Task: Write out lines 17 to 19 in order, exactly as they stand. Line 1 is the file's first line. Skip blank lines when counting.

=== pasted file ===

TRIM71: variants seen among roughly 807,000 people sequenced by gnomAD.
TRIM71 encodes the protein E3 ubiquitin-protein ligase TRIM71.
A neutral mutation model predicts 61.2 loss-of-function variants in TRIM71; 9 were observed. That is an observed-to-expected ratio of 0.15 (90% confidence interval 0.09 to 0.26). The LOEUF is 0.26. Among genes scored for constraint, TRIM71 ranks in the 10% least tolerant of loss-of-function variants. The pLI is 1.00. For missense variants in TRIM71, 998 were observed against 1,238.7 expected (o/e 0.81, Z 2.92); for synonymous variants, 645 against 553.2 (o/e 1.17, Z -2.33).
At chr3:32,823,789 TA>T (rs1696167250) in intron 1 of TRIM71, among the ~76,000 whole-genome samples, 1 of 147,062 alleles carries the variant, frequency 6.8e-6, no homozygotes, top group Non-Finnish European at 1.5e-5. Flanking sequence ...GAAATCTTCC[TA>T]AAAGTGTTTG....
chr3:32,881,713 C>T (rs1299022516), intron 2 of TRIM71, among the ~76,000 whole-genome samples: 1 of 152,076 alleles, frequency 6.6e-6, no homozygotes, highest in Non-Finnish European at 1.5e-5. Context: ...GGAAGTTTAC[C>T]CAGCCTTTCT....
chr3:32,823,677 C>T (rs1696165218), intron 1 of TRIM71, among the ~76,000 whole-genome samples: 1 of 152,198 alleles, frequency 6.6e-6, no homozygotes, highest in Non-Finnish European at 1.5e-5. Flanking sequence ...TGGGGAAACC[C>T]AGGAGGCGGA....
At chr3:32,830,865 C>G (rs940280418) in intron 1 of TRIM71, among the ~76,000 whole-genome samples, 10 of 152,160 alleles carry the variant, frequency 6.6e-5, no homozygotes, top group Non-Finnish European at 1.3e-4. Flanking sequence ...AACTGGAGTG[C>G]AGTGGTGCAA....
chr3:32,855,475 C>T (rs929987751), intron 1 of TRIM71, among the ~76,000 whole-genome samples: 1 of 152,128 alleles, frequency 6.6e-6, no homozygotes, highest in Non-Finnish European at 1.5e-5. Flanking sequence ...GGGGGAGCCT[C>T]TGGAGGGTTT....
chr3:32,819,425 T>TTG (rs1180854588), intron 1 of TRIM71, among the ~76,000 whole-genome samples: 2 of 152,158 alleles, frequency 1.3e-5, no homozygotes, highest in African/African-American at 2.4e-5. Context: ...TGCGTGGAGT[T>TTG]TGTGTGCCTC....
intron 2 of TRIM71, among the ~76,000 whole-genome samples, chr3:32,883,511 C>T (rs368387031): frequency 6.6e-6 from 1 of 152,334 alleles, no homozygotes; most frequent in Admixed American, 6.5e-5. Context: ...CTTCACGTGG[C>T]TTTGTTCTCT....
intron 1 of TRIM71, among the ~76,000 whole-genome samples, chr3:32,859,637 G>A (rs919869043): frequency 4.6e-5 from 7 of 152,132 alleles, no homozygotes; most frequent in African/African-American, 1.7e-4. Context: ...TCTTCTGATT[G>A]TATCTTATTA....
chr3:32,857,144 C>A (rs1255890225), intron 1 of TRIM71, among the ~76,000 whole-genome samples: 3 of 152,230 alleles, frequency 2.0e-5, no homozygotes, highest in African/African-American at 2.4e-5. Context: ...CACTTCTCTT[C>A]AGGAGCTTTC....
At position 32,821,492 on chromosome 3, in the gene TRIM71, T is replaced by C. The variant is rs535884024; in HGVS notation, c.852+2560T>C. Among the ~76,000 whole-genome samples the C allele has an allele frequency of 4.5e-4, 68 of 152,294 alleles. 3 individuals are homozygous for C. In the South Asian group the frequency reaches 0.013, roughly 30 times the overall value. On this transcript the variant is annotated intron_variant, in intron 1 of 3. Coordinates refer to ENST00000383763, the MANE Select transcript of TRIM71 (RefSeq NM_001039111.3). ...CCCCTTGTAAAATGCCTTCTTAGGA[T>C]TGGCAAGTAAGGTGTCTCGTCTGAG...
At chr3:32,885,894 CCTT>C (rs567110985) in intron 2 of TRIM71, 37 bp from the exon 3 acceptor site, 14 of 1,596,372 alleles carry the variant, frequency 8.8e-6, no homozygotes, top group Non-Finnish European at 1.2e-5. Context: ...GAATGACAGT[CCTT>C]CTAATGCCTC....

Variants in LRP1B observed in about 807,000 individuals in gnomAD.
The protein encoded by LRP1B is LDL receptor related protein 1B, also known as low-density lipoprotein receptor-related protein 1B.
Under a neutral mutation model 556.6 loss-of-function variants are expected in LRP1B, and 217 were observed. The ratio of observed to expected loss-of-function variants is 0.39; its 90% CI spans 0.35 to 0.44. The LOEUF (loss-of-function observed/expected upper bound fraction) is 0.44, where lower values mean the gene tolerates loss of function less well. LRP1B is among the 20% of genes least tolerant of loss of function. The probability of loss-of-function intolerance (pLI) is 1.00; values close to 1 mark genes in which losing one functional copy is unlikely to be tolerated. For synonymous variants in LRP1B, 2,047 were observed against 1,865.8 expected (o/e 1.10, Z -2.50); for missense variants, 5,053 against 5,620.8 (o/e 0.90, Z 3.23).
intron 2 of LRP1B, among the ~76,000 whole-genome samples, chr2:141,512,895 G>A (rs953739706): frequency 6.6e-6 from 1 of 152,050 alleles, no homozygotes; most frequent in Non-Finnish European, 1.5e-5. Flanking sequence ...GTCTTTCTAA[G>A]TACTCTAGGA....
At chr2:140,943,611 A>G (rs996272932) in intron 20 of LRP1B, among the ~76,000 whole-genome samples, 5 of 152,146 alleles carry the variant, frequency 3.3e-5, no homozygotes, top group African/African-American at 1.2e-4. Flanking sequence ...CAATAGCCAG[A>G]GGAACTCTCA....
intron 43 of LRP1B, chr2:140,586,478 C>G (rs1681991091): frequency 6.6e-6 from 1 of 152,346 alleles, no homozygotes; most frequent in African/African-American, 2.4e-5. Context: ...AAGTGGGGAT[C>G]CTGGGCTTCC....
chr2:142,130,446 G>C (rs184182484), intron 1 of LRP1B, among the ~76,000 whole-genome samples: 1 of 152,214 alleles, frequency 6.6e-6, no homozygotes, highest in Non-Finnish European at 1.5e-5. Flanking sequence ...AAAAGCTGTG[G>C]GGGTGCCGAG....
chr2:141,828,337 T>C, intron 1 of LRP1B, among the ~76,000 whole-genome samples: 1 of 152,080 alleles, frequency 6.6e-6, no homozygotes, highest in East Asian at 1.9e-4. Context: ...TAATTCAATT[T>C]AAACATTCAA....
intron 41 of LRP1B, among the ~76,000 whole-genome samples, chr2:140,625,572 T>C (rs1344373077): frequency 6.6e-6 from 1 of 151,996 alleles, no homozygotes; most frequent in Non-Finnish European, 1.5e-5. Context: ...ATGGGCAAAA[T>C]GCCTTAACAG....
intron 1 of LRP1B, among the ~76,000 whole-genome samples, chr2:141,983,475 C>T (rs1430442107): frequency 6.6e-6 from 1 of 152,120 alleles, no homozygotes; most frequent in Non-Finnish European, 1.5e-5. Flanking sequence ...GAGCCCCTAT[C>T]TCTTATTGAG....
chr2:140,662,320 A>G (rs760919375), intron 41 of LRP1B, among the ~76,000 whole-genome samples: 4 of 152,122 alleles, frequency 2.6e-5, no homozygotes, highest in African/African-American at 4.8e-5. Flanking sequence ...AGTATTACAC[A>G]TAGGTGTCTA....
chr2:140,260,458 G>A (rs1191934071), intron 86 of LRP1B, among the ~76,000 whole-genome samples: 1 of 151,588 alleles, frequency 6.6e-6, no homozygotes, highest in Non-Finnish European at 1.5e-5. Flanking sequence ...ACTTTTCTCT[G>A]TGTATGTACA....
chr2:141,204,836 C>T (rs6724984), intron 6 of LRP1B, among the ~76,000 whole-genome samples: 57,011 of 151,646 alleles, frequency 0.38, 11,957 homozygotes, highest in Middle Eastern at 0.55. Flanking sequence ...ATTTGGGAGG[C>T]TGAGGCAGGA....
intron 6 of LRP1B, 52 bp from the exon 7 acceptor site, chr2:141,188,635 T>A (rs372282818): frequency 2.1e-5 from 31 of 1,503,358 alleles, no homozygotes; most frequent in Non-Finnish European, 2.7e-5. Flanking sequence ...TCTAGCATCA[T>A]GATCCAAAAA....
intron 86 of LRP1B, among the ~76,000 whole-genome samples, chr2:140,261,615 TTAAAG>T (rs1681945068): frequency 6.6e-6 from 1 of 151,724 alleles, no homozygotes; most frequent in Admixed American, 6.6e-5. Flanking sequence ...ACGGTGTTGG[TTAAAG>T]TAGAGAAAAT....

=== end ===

Under a neutral mutation model 556.6 loss-of-function variants are expected in LRP1B, and 217 were observed. The ratio of observed to expected loss-of-function variants is 0.39; its 90% CI spans 0.35 to 0.44. The LOEUF (loss-of-function observed/expected upper bound fraction) is 0.44, where lower values mean the gene tolerates loss of function less well. LRP1B is among the 20% of genes least tolerant of loss of function. The probability of loss-of-function intolerance (pLI) is 1.00; values close to 1 mark genes in which losing one functional copy is unlikely to be tolerated. For synonymous variants in LRP1B, 2,047 were observed against 1,865.8 expected (o/e 1.10, Z -2.50); for missense variants, 5,053 against 5,620.8 (o/e 0.90, Z 3.23).
intron 2 of LRP1B, among the ~76,000 whole-genome samples, chr2:141,512,895 G>A (rs953739706): frequency 6.6e-6 from 1 of 152,050 alleles, no homozygotes; most frequent in Non-Finnish European, 1.5e-5. Flanking sequence ...GTCTTTCTAA[G>A]TACTCTAGGA....
At chr2:140,943,611 A>G (rs996272932) in intron 20 of LRP1B, among the ~76,000 whole-genome samples, 5 of 152,146 alleles carry the variant, frequency 3.3e-5, no homozygotes, top group African/African-American at 1.2e-4. Flanking sequence ...CAATAGCCAG[A>G]GGAACTCTCA....